The Loop Newspaper - Tehachapi's Online Community News & Entertainment Guide

Forde Shorts


Tina Fisher Cunningham

Aerial view of wind turbine service roads, east of Tehachapi. Proposed High-Speed Rail line is the diagonal on the right. Can you spot the bear face?

What is the name of the new hospital?

There's a corporate name and a hospital name. The corporation name is Adventist Health Medical Center Tehachapi Valley. That's who the employees will be working for. The official name of the new hospital (the corporation's dba) is Adventist Health Tehachapi Valley. "We knew it was important to the people of Tehachapi to have 'Tehachapi' be part of the hospital's name," Adventist spokesperson Jimmy Phillips said. The clinics will be Adventist Community Care (add Tehachapi, Mojave, California City for the individual clinics). The parent corporation is Adventist Health, located in Roseville.

Budget yikes – Second District Kern County Supervisor Zack Scrivner's field rep Ryan Rush said that in 2014, the oil industry provided 35 percent of the county revenue. In 2016, with the drop in the price of oil, the industry contributes 15 percent of the county revenue. "Twenty percent drop in two years, that's pretty drastic," Ryan said at the Aug. 3 meeting of the Greater Tehachapi Economic Development Council (GTEDC) at the Tehachapi Police Department community room. Every county department is making painful budget cuts. Even so, he reported, the county is keeping the Kern County Fire Station in Golden Hills open. Ryan told Forde Files that to avoid cutting public safety budgets (sheriff, fire departments), all other departments would have had to cut 48 percent, which is not going to happen. "To get through these next four years," Rush said, "it's not going to be easy. There's not a lot of fat left to cut.

Build the bungalows! – Michele Dorner of Dorner Family Vineyard told the GTEDC on Aug. 3 that just the day before, Kern County planners issued the eagerly awaited permit for four guest bungalows at their Cummings Valley vineyard. The property is graded and ready to go. "We have contractors lined up like airplanes at an airport," she said. The bungalows, which sleep four in separate bedrooms, "will be like little Tuscan villas." Already booked for an event in April, the bungalows will introduce a charming option for visitors to the Tehachapi area.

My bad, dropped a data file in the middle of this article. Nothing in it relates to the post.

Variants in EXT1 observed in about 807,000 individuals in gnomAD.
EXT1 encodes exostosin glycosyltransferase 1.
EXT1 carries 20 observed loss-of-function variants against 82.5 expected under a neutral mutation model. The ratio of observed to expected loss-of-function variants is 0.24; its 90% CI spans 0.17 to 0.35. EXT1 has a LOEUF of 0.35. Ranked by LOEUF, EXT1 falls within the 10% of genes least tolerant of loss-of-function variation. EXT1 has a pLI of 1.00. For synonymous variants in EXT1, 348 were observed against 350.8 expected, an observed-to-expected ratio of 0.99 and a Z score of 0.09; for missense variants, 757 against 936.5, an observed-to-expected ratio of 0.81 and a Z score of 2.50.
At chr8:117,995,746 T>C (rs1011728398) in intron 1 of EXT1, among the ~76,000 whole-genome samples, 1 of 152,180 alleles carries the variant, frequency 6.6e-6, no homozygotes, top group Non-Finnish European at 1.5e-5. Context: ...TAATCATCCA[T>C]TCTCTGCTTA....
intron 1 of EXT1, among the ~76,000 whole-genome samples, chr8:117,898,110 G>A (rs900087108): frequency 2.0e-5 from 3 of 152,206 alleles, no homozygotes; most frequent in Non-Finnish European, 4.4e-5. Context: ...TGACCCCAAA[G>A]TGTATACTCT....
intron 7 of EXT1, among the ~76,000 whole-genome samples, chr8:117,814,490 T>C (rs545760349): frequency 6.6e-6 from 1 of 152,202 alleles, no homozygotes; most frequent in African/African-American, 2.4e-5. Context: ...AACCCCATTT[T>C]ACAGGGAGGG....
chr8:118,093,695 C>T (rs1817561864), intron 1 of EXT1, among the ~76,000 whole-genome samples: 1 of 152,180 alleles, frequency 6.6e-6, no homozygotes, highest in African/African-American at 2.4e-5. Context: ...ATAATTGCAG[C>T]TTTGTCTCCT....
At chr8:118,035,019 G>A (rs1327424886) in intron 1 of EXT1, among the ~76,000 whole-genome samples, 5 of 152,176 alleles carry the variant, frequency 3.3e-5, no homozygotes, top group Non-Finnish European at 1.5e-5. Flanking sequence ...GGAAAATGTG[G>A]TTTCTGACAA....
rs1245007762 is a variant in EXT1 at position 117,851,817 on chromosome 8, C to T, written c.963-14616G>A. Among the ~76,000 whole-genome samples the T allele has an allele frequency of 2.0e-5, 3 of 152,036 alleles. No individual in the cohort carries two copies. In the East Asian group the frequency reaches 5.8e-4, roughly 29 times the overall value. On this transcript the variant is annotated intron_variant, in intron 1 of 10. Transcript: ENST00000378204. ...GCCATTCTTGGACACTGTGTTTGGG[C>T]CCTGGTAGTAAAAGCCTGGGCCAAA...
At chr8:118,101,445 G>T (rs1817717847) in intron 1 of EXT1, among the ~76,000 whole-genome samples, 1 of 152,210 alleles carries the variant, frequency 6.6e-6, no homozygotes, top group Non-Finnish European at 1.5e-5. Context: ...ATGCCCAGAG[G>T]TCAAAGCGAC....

High-Speed synergy – California High-Speed Rail (HSR) Authority spokesperson Valerie Martinez, in response to a question following her presentation at the GTEDC, said airlines will be active in managing the rail operation. "We haven't heard peep one from the airlines [in objection to the HSR]. They are looking at it as an option. Virgin manages the rail line in England." The airlines have the expertise on ticketing, scheduling and handling passengers, she said. She said that at full buildout in 2050 (Trains will be operational by 2029), operators anticipate a train will be running every 10 minutes. She said that in laying out the route, the planners are taking into consideration that one day a station may be built in Tehachapi. As of now, the plan is for the train to zip through between stations at Bakersfield and Palmdale. The train will be "steel wheel on steel track, not maglev (magnetic levitation)." The power source is electricity. See the last issue of The Loop for information on the proposed track through Tehachapi.

It's not a puddle yet – Tehachapi-Cummings County Water District Manager John Martin said Brite Lake (Jacobsen Reservoir) is at its lowest level ever. "Agriculture is thriving in Tehachapi," he told the GETDC. "There is a tremendous demand." Another significant reason the lake is low is that the pump engines at Plant 1 had to be replaced and they were not at full flow until June. "We're now at full flow," he said. For the rest of the season, he said, "We're just going to squeak by. We will be stabilizing the lake level before the end of August." Referring to a Los Angeles Times story about mercury contamination in seemingly clean high mountain lakes, Martin said that Brite Lake "has not been put on any list. It is not 'impaired water.'" He said if the Environmental Protection Agency (EPA) finds one fish with a trace reading of mercury, it declares the location "lake impaired." He said the U.S. Department of Agriculture considers the same level of mercury safe to consume and allows fish with the same level to be sold in grocery stores.


Powered by ROAR Online Publication Software from Lions Light Corporation
© Copyright 2021

Rendered 11/21/2022 05:27